Does Your Presentation Formula Need to be Revamped?

Editor’s note: This post was originally published on 8/29/17 and has been updated for accuracy and comprehension.


You know the drill.

Open with an introduction and end with a Q&A, right?


Are you thinking, “That’s the way I’ve always done it and it works just fine!”?

That may be the problem.

As people change and evolve, so must your methods for reaching them.

What seemed to work 10 years ago likely isn’t as effective now.

Believe it or not, the way you begin and end have big implications for the power of your presentation.

Here’s what you need to know about beginning and ending a presentation in a way that will stick with your audience.

Give your presentation bookends

No, you’re not going to use actual bookends in your presentation. You might get some funny looks. Unless you’re a bookend salesperson.

The point is that you need to grab the audience’s attention as soon as you arrive on stage.

At the end, send them out with a bang.

People will remember the first thing they hear and the last thing they hear.

Your job is to make sure both matter.

Hook ‘em

How many fish (your audience) will you catch with a hook like this?

“Hi, I’m Susan. I’m going to give you the 27 steps for filling out an incident report. Let’s begin.”

You may have actually fallen asleep reading that because it was a total snoozefest.

The fact is, you have a short window of opportunity to grab your audience’s attention – so your presentation formula matters!

After that, you’ve lost them.

In order to build trust, anticipation and connections with your audience, you have to take advantage of the first moment of impact.

Here are some ways you can do just that:

  • Start with a rhetorical question and a startling fact. “Did you know that Google was originally called BackRub? I’m Cindy and I’m here to tell you how to take your personal branding to the next level.”
  • Engage the audience. “Raise your hand if you ate breakfast this morning. Wow, only about a third of you! My name is Susan, and my research proves that a good breakfast is the most important part of losing excess weight.”
  • Surprise your audience. Think how memorable it would be if you entered the room from the back, singing a song. Maybe you have another unique talent to share that would make your entrance unforgettable, like juggling or riding a unicycle. Be creative!

Your hook lets your audience know that this isn’t going to be an ordinary presentation like the ones they’ve heard a hundred times.

Now, let’s flip the script and look at some examples of what NOT to do at the beginning of your talk.

  • Tell a joke. Unless you’re an actual comedian, leave the jokes out of your opener.
  • Give the audience gobbledygook. Don’t spout off a stream of words or phrases the audience doesn’t understand. It’s even worse if you go on to laboriously define them all.
  • List your thank-yous. Save it for your Oscar acceptance speech. Your audience doesn’t care who you’re thankful for.
  • Apologize. No matter what, never open your presentation with an apology. Whether the temperature is too cold in the venue or the lighting is off – don’t draw the audience’s attention to anything other than the important message you’re there to give them.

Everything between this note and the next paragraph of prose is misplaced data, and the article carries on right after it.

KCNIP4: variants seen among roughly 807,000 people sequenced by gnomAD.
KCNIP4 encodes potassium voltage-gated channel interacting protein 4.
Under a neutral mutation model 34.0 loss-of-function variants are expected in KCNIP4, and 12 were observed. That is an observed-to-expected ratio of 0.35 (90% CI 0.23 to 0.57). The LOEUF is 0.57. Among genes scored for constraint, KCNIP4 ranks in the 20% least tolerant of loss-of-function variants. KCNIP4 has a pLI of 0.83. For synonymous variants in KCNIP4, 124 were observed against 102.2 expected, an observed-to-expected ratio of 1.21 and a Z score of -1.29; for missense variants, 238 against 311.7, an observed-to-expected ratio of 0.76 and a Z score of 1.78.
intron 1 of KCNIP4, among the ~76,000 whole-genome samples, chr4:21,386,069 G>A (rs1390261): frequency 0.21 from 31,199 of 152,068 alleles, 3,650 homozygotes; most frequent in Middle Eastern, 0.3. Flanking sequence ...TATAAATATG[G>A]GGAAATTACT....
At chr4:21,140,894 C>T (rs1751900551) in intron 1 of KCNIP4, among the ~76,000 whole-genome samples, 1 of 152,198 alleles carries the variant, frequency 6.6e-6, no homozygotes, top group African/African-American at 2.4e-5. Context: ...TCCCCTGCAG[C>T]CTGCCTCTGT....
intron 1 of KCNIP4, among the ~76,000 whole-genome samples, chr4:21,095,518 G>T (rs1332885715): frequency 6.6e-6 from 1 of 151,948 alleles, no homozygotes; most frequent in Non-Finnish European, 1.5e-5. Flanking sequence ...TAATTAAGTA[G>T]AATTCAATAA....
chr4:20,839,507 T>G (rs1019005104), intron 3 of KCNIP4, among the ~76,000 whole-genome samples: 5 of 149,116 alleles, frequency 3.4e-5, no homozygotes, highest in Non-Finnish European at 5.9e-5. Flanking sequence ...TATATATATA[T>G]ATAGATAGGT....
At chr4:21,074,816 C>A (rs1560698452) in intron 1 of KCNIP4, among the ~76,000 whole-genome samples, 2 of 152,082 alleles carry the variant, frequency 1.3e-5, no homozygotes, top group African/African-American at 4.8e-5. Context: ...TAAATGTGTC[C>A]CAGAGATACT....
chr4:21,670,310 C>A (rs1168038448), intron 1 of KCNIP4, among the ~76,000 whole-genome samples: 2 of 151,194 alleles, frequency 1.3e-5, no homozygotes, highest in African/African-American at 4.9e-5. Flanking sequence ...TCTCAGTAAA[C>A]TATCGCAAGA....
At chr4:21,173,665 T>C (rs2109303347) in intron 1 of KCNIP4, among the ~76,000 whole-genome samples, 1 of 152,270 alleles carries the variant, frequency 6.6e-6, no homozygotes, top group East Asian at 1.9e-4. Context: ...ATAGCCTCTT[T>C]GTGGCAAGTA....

The way you grab the audience’s attention sets the tone for the rest of your talk.” #improvtips

End with a message that sticks

Leave your audience with a meaningful directive or give them compelling information to chew on. Here are couple ways you can close out your talk:

  • Summarize the important points that you made during your presentation. It’s a proven fact that repetition increases retention rates.

Consider what Dale Carnegie had to say about giving a speech:

“Tell the audience what you’re going to say, then say it, then tell them what you said.”

  • End with a call to action. You’ve probably heard the words JFK used to inspire his audience.

“Ask not what your country can do for you, but what you can do for your country.”

Inspiring your audience to take action ends your presentation on a powerful note.

It’s valuable for you to know what NOT to do, too.

Avoid ending your presentation in any of these ways.

  • Not giving the audience a head’s up. Your audience will be confused if your presentation content ends abruptly, without warning. Always give an indication that you’re wrapping up. Your closing will be more memorable and the audience’s attention will be heightened.
  • Leaving with a dud. After your summary and call to action, leave the audience with a statement that epitomizes the most important idea of your presentation.
  • Ending with a Q&A. There is a time and place in your presentation for questions, but it isn’t right at the end. Ending in this way will take away from your strong summary, call to action and closing statement.
Begin and end your presentation with a bang

Your audience is there because they want to hear what you have to say.

Make sure your presentation formula helps you succeed.

Hook them from the very beginning with a startling statistic or a rhetorical question to get them thinking and draw them in.

When your presentation comes to a close, leave your audience with a call to action that will keep them pondering your words long after they’ve left.

Takeaway: Practice different openings and closings that will grab your audience for your next presentation.

This article is 100% written by a human named Karen Hough. She is the Founder & CEO of ImprovEdge, in the top 4% of women-owned businesses in the US, a 3-time Amazon bestselling author, Yale grad, wife and mom of three.